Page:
Relay for Life, a 24-hour fundraising event for cancer research, will once again take place at UCD. The event is being run in association with the Irish Cancer Society, and will take place on the 14th and 15th of April, starting and finishing at 2pm.
Relay for Life has been held at UCD annually since 2012, and has proved extremely successful. Last year, more than 600 people took part and helped to raise €12,542.83 for the fight against cancer. “This year we’re hoping to raise at least €13,000,” said Danielle Dennehy, chair of this year’s event. “We’re also planning to have a lot of acts and entertainment at the event this year” she said, speaking on the first day of campaigning, during which more than 20 teams signed up. Primary schools in the area as well as local residents have also been invited to attend.
Relay for Life is a 24-hour event, where fundraisers join together in teams, usually of ten or more people, and for 24 hours, at least one member of each team must be walking around a track. During the relay, each team will have a stand or stall set up around the track where they will be fundraising. Many other events will be held during the 24 hours. The Survivor’s Lap is a special lap at the start of the relay that is walked by cancer survivors. Later in the day, as darkness falls, the Candle of Hope Ceremony will take place, where candles dedicated to someone suffering from or affected by cancer by members of the community will be placed around the track and lit by participants. This year, the event will take place at Devlin Park, opposite the Student Centre.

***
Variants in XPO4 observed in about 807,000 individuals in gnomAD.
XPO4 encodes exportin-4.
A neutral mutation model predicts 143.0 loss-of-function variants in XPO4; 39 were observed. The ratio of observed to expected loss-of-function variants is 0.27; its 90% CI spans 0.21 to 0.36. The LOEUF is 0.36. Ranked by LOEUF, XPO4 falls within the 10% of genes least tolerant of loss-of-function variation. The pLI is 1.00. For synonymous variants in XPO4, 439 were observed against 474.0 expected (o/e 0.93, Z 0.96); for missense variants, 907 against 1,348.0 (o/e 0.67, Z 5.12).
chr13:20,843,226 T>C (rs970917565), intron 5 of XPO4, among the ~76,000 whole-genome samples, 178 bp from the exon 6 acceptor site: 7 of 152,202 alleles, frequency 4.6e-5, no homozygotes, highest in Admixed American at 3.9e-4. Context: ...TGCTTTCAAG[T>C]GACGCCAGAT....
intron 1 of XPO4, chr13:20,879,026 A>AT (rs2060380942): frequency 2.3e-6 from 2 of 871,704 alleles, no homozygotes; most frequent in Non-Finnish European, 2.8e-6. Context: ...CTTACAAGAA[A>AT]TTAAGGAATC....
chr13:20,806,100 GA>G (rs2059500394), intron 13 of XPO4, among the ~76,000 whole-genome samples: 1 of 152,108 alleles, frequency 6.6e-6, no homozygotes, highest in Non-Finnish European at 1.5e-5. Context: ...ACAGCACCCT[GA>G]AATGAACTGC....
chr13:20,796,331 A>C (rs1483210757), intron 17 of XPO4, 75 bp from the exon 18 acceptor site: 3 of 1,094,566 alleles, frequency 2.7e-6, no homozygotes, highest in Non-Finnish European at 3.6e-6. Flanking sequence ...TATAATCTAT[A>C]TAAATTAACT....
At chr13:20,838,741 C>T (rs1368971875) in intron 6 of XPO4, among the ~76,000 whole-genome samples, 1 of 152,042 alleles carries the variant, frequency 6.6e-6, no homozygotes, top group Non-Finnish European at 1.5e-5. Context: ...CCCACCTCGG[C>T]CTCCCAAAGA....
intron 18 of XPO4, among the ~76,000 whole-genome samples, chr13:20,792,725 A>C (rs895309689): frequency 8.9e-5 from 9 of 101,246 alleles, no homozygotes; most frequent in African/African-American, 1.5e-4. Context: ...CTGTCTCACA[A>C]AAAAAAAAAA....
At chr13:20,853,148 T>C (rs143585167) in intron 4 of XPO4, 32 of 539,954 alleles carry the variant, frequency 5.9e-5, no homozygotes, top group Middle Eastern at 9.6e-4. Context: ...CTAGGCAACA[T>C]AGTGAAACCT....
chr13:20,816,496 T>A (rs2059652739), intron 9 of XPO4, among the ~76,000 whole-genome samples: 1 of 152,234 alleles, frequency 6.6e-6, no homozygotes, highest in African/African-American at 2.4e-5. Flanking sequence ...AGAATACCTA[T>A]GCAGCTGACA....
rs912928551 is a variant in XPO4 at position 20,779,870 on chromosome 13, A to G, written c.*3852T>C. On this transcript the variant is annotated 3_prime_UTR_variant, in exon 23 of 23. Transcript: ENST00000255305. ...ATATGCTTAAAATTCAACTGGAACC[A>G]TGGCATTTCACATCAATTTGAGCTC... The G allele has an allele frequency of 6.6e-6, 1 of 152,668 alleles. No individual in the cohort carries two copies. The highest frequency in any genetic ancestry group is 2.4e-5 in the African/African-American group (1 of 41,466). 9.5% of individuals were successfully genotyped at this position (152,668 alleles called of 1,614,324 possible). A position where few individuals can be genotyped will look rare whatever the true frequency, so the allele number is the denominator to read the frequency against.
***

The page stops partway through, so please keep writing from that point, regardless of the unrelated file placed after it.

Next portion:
Relay for life was established in the 1980s by the American Cancer Society. The concept has recently gone global, with events now taking place annually in more than twenty countries, including Canada, Australia, South Africa and Honduras. More than four million people take part every year. There are more than ten Relay for Life events taking place in 2015 all across Ireland, with several in Dublin and others in Cork, Kilkenny, Tipperary and other locations across the country. The first Relay for Life event took place in 1986 at the Stadium Bowl in Washington, and raised $33,000. Since then, an estimated $5 billion has been raised by the organisation. The founder, Dr. Gordon Klatt, passed away last year following a battle with stomach cancer.